Interviewee: Bruce Irwin
Interviewer: Noelene Pullen
Date of Interview: 9 Oct 2009
Transcription: Glenys Murray, Oct 2009
This interview represents the personal recollections, views and opinions of the interviewee
The fruit industry in The Hills district by the 1880's was very extensive and in fact was probably the largest in New South Wales. The problem was that getting it to market was dependant on horse drawn road lorries. The roads were terrible they hadn’t progressed. It sometimes took up to a day to get the fruit from the orchard to places such as Pennant Hills, Parramatta or Seven Hills for loading onto trains to get it into Sydney’s market. There was this desperate need for transport improvement. To the rescue to some extent was a railway that was proposed from Clyde to Dural. It was created by private entrepreneurs. It unfortunately only got as far as Carlingford before the entrepreneurs ran out of money (in 1896. The Government bought it in 1899 and re-opened it in 1901.)
There was also a private proposal to put a tramway, a very early tramway from Castle Hill down to Parramatta. Join in onto the George Street line and the fruit would then be transported along the George Street line and lighted from Redbank down to Sydney. That didn’t get off the ground either.
The steam trams in Sydney became surplus to requirements on account of the electrification that was taking place from about 1898 onwards. After much lobbying we find ourselves with approval being given to allow a tramway in from Parramatta to Baulkham Hills as a first start. Of course the orchardists were very happy. This was going to be a means of them to get their fruit from Baulkham Hills to start with into the markets. By 1902 the line had been laid in and it was opened to the public on the 18th August, 1902.
Castle Hill Steamtram
The fly in the ointment was however that the track that was laid from Parramatta Station to the Woollen Mills was grooved rail that would not fit railway wagons. So were all the points and crossovers on the line. It meant that railway wagons could not go over those sections of line. Also there was a legal impediment on carrying goods on the line in any case. So after all this lobbying had taken place by the fruit growers, it turned out that a tramway couldn’t carry goods i.e. the fruit on the line. So it turned out to be a totally different purpose in the end to what was originally contemplated. It just turned out to be a passenger carrier rather than a goods carrier.
Fares on the tram were a penny a section. The line to Baulkham Hills was divided up into four sections. A through ticket to Baulkham Hills cost you threepence.
The tram started out providing some very interesting services considering the times. Not long after it started it commenced with carrying letters. There was a letter box placed on the back of the tram. You could go up to your local tram stop and the tram would be coming along and you’d be standing there with your letter.
The tram would stop and you’d pop your letter in the letter box at the back. Away it would go into Parramatta and that was cleared probably three times a day. Now you can’t do that today with a Hills bus. So that was an interesting feature. It avoided the postal department having to put in letter boxes along the way. Eventually they carried mails, bagged mails which were brought in by coach from outlying districts like Kellyville and Annangrove. They were taken into the main postal centre at Parramatta. Parcels were carried from about 1906 onwards. There was quite a brisk parcel trade moving items from Parramatta up to the Hills district and vice versa.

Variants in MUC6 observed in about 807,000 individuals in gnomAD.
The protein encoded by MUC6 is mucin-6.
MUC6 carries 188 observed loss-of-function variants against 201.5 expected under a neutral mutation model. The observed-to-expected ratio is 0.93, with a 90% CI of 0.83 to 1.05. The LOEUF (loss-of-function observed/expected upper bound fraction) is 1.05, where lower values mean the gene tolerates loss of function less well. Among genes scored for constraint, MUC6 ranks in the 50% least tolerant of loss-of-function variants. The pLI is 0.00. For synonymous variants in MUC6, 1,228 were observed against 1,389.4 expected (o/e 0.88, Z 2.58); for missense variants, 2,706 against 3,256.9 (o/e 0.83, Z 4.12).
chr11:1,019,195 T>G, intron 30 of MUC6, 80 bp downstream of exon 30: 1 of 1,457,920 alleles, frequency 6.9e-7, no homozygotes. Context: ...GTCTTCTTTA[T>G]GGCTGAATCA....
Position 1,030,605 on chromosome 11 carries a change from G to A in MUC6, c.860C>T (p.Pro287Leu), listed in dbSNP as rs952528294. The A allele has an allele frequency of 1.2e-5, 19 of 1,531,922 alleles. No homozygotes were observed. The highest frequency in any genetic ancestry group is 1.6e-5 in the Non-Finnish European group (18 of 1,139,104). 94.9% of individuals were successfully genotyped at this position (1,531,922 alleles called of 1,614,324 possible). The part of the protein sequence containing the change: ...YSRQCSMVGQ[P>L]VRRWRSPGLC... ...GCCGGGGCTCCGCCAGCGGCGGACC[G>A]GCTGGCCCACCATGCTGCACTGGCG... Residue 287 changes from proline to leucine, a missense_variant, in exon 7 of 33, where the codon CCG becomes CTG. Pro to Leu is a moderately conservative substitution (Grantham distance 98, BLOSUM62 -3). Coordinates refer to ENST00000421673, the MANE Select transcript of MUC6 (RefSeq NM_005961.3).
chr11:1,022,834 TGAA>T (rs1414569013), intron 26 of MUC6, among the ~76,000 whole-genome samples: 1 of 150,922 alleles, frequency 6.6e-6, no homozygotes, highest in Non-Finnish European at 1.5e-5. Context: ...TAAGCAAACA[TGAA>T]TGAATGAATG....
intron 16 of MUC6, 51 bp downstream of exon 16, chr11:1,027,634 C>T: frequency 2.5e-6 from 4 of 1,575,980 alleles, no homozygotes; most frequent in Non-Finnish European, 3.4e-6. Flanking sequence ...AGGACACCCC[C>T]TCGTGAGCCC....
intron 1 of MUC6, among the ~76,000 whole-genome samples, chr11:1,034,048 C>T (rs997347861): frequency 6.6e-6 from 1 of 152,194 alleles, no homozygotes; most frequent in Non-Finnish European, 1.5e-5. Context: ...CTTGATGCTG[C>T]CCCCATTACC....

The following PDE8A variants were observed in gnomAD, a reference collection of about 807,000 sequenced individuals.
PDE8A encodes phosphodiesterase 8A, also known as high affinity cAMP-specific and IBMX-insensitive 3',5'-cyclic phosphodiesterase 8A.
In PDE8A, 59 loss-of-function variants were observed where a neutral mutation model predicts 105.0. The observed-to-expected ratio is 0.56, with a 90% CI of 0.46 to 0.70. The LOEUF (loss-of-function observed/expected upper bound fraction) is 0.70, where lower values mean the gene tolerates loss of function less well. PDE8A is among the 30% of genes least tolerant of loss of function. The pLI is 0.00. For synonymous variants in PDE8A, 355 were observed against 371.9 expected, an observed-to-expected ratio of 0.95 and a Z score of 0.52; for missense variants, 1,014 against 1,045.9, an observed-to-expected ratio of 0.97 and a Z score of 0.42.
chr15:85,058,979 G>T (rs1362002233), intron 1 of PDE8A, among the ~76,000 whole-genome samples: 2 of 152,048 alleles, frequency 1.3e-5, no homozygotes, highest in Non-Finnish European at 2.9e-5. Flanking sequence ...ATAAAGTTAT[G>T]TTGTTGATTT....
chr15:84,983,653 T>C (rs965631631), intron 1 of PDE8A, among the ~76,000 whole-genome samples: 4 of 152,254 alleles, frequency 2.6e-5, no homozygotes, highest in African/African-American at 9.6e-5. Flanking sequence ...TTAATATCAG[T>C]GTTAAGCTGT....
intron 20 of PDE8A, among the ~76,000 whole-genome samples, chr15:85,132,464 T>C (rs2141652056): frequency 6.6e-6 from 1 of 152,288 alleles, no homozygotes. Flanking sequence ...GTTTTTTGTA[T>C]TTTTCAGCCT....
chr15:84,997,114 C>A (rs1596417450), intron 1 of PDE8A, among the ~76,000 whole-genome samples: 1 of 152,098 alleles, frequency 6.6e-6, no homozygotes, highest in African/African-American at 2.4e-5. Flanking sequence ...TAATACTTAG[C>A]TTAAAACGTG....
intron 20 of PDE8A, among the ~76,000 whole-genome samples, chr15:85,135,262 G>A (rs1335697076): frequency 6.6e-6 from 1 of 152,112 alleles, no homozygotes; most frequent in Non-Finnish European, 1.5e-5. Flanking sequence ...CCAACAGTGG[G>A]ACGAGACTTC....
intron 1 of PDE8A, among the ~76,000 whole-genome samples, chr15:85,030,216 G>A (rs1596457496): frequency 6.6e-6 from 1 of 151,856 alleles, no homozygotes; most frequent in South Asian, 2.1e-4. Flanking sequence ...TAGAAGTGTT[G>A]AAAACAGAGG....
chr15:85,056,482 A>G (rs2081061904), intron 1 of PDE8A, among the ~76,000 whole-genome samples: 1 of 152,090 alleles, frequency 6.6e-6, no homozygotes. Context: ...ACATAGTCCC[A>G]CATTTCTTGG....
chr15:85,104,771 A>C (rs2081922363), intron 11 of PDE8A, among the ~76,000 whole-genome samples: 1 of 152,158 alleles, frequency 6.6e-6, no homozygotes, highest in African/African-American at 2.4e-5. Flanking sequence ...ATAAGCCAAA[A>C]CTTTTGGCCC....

From 1915 onwards the railway commissioners approved of goods being carried by tram. This opened a large measure of traffic for the line. There were bulk groceries carried from Parramatta and beyond up to the Hills district, to places such as Price’s store and Whitling’s store. They were quite big grocery outlets at that time. There were bricks carried for building works. There was timber all those sorts of things.
But by and large the orchardists did not patronise the goods service because it was too expensive. It cost them two pence to send a case of fruit. It had to be transhipped at Parramatta station into railway trucks to be taken into Sydney to be transhipped again to market.
The tramway proved to be such a passenger carrying success that they, despite an enquiry that was held into it, it was extended to Castle Hill by ministerial approval. That happened in 1910, with the tramway being opened to the public on the 1st August, 1910.
The tram did lead to substantial opening up of ground along its route. "Darcey Hey" was one that recalls to memory that was subdivided in that area. It’s a little different from what we see today where we wait for areas to be subdivided and then we put public transport into them.
Tram at Baulkham Hills Loop facing Castle Hill
By the 1920’s the tram was carrying in excess of 1.1 million passengers a year, which is a phenomenal amount of patronage considering that the district only had… the population only numbered in the tens of thousands. The tram certainly was well patronised and was very well received by the travelling public.
Despite the fact that the tram was an excellent convenience to the general public the citrus growers in particular found it an unsatisfactory work. They continued to lobby for a fully fledged railway. They found a willing ear, round about 1919 with the government at that time. There were some good friends in high places. With a considerable amount of lobbying the government finally approved for a railway to be built into the Hills district. It was a pinch penny railway that was planned. Basically it entailed putting in an arc of railway which ran from Westmead around through the Westmead Boys Home and the asylum area, came into just north of Briens Road at Northmead that was a new length of line. From that point onwards the old tram line was to be converted to railway standards. The original estimate for this work was going to cost eleven thousand pound for the laying in of the new railway from Westmead to Briens Road. For the conversion work of the tramway it was going to cost ten thousand pound which was well within the limits of the minister to approve of himself. The conversion meant that some of the road works had to be re-levelled because the gradients on the tramway were a little bit to steep. It was a pinch penny railway. There were no platforms that were contemplated for it. You were going to have to go from the road level up to the carriage like they did in certain places in South Australia. There was no staff appointed for the line. That was all going to be done by the staff on board the train as it was on the tram. It was a very mean and lean railway that was planned.